It’s official. The Institute for Cellular Engineering (ICE) and its Director, Professor Susan Roberts of the Chemical Engineering Department, have unveiled the first campus graduate certificate targeting the critical interface between engineering and the life sciences. The certificate also gives students a big edge when applying for jobs. The 19-credit curriculum for this concentration includes new courses, a diverse array of electives, a graduate seminar series, a student-run journal club and research seminar, ethics training, hands-on lab modules, and professional development activities.
MassTraveler.com, the free public information website at the University of Massachusetts Amherst Regional Traveler Information Center (RTIC), is featuring a brand new application that will allow drivers to see all the travel and construction advisories in the state at a glance. It went live on May 6. The site, provided by the Massachusetts Department of Transportation and called MassDOT Travel Advisories, gives viewers a zoom-in or zoom-out map, on which every advisory in the state is marked with an orange traffic cone icon. Click on any cone, and you get the lowdown on the potential delay expected in that location.
Nationally recognized “green gasoline” researcher and advocate George Huber, from the Chemical Engineering Department at the University of Massachusetts Amherst, has been selected for an esteemed Camille Dreyfus Teacher-Scholar Award, which includes an unrestricted research grant of $75,000. Dr. Huber becomes the third member of the Chemical Engineering Department’s current faculty to win this highly selective national award in the chemical sciences.
InterDigital Communications Corporation will make a donation of $15,000 in the name of its employee Dr. Fatih Ozluturk (pictured on the left with InterDigital's Lawrence F. Shay to the Electrical and Computer Engineering Department at UMass Amherst, his alma mater. The gift recognizes Ozluturk's accomplishments as an inventor and owner of 150 U.S. patents. “We are so proud of the accomplishments of Dr. Ozluturk ('90 M.S., '94 Ph.D. ECE) and are honored to be the beneficiary of a $15,000 gift from InterDigital,” said Director of Engineering Development Paula Sakey.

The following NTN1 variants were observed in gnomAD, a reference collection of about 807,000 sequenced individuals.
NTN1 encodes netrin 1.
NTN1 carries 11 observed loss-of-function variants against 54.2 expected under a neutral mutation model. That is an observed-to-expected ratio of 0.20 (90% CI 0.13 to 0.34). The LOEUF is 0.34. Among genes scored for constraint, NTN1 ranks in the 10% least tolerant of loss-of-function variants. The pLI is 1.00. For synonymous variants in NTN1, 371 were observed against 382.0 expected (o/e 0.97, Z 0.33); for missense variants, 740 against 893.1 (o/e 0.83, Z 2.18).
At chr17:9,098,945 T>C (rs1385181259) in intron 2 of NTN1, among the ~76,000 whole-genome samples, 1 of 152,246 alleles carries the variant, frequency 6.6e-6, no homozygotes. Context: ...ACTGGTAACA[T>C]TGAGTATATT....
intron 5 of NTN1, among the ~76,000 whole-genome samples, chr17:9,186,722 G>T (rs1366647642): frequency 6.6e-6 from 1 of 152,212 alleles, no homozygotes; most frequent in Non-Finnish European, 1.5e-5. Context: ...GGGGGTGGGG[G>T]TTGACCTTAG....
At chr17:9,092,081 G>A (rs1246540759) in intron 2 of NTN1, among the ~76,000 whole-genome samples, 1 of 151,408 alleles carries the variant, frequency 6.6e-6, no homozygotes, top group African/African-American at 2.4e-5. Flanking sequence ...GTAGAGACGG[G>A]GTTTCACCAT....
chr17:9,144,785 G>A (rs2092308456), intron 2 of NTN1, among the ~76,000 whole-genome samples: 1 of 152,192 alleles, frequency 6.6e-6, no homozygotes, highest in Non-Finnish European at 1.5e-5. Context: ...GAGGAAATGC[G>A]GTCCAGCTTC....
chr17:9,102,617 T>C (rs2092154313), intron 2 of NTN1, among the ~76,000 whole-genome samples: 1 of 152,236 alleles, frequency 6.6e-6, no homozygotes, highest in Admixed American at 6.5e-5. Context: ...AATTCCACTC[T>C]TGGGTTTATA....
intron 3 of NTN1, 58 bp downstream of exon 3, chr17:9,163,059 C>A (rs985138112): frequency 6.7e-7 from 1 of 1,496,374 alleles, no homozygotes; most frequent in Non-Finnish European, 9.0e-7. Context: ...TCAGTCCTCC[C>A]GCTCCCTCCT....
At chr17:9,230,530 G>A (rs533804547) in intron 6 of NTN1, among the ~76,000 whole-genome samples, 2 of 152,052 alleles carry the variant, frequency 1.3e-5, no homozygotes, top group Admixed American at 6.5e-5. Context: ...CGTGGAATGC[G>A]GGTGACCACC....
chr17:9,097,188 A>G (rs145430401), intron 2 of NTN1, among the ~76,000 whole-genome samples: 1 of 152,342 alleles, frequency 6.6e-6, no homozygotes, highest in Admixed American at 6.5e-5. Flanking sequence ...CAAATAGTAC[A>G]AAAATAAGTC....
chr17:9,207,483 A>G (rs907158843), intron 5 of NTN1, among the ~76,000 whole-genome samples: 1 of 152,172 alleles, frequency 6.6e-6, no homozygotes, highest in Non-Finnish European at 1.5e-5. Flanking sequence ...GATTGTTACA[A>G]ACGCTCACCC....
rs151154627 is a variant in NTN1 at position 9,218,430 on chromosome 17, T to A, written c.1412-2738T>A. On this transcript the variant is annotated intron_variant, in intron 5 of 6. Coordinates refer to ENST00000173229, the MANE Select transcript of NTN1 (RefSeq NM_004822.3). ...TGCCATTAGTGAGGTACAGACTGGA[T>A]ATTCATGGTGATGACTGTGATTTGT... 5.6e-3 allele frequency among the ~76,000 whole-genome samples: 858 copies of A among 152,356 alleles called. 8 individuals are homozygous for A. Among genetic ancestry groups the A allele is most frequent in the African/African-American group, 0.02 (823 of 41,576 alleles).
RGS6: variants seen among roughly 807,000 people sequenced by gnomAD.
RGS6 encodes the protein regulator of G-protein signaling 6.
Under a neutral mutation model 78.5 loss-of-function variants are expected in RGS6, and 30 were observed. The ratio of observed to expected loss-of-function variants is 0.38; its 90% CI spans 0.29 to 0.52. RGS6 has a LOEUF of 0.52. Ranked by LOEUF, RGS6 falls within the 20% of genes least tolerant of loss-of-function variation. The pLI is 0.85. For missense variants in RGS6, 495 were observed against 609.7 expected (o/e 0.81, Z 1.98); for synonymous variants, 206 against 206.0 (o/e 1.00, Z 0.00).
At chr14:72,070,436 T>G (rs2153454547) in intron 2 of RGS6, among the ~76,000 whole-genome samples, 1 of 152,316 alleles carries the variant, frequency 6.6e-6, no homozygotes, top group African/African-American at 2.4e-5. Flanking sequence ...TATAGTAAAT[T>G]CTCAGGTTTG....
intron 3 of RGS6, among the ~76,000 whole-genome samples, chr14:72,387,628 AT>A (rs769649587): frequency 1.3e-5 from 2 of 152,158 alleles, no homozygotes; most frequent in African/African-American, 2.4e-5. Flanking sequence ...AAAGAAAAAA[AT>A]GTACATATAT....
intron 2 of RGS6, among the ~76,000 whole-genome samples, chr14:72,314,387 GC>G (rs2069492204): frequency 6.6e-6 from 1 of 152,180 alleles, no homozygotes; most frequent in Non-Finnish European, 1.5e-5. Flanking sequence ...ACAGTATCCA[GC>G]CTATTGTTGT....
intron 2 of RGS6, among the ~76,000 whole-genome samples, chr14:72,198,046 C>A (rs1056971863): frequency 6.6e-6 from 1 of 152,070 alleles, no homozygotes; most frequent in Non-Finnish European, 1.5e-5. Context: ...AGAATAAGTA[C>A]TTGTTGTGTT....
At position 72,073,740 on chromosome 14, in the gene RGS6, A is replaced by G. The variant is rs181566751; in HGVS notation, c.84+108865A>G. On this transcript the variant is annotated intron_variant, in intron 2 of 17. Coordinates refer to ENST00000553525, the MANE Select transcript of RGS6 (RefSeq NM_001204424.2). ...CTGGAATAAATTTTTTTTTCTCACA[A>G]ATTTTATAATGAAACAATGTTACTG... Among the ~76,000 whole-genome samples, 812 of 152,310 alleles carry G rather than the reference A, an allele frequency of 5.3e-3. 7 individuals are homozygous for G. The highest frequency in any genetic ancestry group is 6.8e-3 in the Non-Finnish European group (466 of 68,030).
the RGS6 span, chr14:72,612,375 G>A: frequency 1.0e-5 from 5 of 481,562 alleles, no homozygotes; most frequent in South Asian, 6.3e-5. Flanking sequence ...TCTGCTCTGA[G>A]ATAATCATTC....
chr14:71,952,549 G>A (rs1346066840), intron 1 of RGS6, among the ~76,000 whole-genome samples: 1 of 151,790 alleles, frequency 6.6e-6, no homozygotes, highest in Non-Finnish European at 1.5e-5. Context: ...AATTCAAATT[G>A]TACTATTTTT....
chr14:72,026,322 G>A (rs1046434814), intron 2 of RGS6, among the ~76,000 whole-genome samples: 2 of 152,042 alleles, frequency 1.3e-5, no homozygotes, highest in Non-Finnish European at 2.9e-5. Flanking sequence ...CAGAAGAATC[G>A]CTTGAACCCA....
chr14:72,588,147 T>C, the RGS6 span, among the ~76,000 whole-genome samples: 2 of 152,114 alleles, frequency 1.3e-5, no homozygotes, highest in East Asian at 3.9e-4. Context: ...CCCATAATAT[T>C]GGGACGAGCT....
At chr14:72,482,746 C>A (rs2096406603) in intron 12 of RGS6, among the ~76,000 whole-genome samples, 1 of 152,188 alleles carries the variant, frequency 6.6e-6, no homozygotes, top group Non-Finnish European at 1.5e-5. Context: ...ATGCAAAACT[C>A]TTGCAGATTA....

Three engineering majors were among the 13 outstanding students being honored at the University of Massachusetts Amherst Undergraduate Commencement ceremonies on Friday, May 13. Caitlin C. Bogdan of Neptune, New Jersey, a mechanical engineering and classics major, and Saranthip Rattanaserikiat (pictured) of Northampton, a civil and environmental engineering major, have been chosen as two of the 11 21st Century Leaders.
Dr. Paul Dauenhauer of the Chemical Engineering Department at the University of Massachusetts Amherst has been awarded a prized Early Career Award in Basic Energy Sciences from the U.S. Department of Energy (DOE). The award will provide $800,000 for five years to support his research on “Natural and Primary Catalysts for Molten Cellulose Pyrolysis to Targeted Bio‐oils.” “Our ability to provide fuels and chemicals in a sustainable manner for future generations presents the largest global challenge for reaction engineering in the 21st century,” says Dauenhauer.
Dr. Jessica D. Schiffman, who is currently a postdoctoral associate in the Environmental Engineering Program and Chemical Engineering Department at Yale University, will join the faculty of our Chemical Engineering Department in September of 2011. Before arriving at Yale, Dr. Schiffman completed her Ph.D. in Materials Science and Engineering at Drexel University. Dr. Schiffman has received Drexel’s Outstanding Teaching Assistant Award and was named “Best of the MatPac” based upon her graduate research.
Undergraduate Brian Giang of the Electrical and Computer Engineering Department has been chosen to participate in a very selective pilot program for summer research in South Africa. It is run by the National Science Foundation Northeast Louis Stokes Alliances for Minority Participation (LSAMP) Program and called the South Africa Research Experience for Undergraduates.
WGGB-TV ABC 40 in Springfield has aired an interview with Dr. Michael Zink about the relatively unusual phenomenon of tornados in New England. Dr. Zink is the deputy director of the Research Center for Collaborative Adaptive Sensing of the Atmosphere (CASA). He cited tornados in Suffield, Connecticut, in 1979 and great Barrington, Massachusetts, in 1995. But the closest and most recent was a so-called “gustado” in 2009 that picked up a tobacco barn in Sunderland and moved it into the middle of Route 47. Dr. Zink said that the technology behind CASA’s network of four Distributed Collaborative Adaptive Sensing (DCAS) radars, now being tested in Oklahoma, would help evacuation people to save lives and property. Watch the video.
The fourth annual Auction & Social run by the campus chapter of Engineers Without Borders (EWB) netted more than $13,000 in 2011, approximately $2,225 more than the 2010 event. The generous amounts contributed by six sponsoring individuals, groups, and companies added greatly to the total: $2,500 from Vanasse Hangen Brustlin; $1,500 from Dr. Dennis Bushe (with a matching gift to come); $1,000 each from Bob Brack of Barker Steel Company, the Hudson Design Group, and Tighe & Bond; and $500 from the Civil and Environmental Engineering Department. The auction itself cleared $4,459.